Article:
The device has a full HD LCD display on one side, and an E Ink screen on the other, and both are powered by a single eighth-generation Core processor. Intel's rep told Engadget that this prototype uses an early version of the Kaby Lake Y chip, and that Tiger Rapids has been in development since 2016. The company developed the convertible as a way to show its device manufacturer partners how to implement technologies like inking on an e-paper display, as well as explore ways to make the writing experience feel more realistic.
Indeed, as I scrawled on the black-and-white screen with the Intel-made active stylus, I was impressed by how smooth the surface felt. There wasn't too much resistance as I dragged the pen across the screen, and though there was a noticeable lag between when I wrote something and when it showed up, the delay was slight and didn't bother me much. After all, this is a prototype that isn't meant for consumers.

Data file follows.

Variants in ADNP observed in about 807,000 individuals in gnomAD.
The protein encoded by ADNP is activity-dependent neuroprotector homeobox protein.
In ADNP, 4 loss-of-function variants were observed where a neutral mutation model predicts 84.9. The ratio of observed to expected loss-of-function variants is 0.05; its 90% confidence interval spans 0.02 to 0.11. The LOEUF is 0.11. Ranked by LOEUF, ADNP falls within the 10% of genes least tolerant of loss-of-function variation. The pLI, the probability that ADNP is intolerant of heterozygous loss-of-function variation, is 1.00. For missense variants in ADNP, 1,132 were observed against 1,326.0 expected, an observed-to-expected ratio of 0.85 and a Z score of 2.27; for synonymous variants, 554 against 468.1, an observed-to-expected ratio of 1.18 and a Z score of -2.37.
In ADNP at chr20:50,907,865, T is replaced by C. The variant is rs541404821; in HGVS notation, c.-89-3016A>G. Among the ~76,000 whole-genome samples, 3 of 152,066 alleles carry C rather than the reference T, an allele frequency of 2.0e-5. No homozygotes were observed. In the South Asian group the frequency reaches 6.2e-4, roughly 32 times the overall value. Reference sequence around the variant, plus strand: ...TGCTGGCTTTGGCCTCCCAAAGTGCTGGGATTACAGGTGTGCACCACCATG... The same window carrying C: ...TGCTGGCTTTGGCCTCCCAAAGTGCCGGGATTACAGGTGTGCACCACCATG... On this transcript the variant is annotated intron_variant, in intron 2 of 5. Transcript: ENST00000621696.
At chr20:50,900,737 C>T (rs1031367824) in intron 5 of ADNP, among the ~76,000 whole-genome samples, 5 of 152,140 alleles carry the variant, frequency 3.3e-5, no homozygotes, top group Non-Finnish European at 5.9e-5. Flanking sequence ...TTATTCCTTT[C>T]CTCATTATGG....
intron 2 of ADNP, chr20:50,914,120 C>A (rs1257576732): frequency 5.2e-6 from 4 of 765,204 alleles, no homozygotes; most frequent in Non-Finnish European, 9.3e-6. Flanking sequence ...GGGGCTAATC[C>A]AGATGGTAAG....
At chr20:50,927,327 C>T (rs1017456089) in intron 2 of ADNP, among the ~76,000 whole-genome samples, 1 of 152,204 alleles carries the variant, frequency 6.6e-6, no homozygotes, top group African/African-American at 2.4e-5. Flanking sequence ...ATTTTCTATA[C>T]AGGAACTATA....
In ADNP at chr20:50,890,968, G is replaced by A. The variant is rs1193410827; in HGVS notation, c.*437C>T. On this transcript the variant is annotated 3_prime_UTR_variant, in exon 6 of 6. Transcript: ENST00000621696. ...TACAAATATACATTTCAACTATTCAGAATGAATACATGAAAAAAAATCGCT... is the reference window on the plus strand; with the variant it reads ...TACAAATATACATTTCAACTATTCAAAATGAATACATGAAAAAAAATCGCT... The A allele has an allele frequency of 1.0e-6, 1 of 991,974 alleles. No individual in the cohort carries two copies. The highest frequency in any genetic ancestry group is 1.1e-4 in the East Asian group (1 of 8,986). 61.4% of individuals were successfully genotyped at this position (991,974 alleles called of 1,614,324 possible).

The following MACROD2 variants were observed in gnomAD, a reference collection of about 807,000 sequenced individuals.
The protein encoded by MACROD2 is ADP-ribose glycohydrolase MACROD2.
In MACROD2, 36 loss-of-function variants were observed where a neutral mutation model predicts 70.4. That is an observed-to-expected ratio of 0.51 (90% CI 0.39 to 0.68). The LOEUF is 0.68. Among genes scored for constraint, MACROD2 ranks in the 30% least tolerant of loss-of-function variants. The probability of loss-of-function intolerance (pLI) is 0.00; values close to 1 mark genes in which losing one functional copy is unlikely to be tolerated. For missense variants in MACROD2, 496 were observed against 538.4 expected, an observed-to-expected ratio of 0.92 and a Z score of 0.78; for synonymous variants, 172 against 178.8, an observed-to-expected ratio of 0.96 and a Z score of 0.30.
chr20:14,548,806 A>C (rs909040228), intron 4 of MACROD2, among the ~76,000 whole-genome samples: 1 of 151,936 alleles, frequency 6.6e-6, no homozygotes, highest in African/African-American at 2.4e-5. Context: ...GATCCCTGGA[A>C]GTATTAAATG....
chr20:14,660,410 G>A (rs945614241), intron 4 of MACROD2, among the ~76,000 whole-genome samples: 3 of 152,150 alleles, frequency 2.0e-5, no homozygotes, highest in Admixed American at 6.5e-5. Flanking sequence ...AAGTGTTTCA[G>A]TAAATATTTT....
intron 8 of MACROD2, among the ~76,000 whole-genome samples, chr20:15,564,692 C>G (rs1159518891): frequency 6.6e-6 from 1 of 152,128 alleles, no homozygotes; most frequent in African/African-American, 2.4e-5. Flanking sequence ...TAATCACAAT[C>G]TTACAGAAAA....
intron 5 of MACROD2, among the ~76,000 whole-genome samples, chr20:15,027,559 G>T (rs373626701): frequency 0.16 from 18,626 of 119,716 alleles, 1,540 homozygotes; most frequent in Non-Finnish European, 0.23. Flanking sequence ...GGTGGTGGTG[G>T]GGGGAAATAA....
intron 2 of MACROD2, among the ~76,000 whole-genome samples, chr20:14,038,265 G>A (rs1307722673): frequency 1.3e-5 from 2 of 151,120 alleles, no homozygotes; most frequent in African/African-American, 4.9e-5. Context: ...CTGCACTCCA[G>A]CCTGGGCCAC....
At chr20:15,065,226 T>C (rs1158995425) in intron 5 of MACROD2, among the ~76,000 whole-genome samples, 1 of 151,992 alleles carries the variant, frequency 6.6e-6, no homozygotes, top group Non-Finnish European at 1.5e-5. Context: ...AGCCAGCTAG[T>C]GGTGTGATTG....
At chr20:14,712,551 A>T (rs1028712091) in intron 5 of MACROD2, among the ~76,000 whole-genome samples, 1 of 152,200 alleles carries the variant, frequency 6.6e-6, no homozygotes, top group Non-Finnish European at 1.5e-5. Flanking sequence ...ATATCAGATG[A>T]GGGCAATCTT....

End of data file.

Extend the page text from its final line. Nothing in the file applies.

The E Ink screen can also double as a keyboard with an area for typing below it. Here, Tiger Rapids struggled, and I had to wait a second or so for letters to show up on the LCD screen after I pressed them. It was slightly finicky at recognizing my scrawls too, thinking I had written "Does this odor" instead of "Does this do OCR." Granted, I have terrible handwriting and the system is, once again, just a prototype, so I'm not going to complain.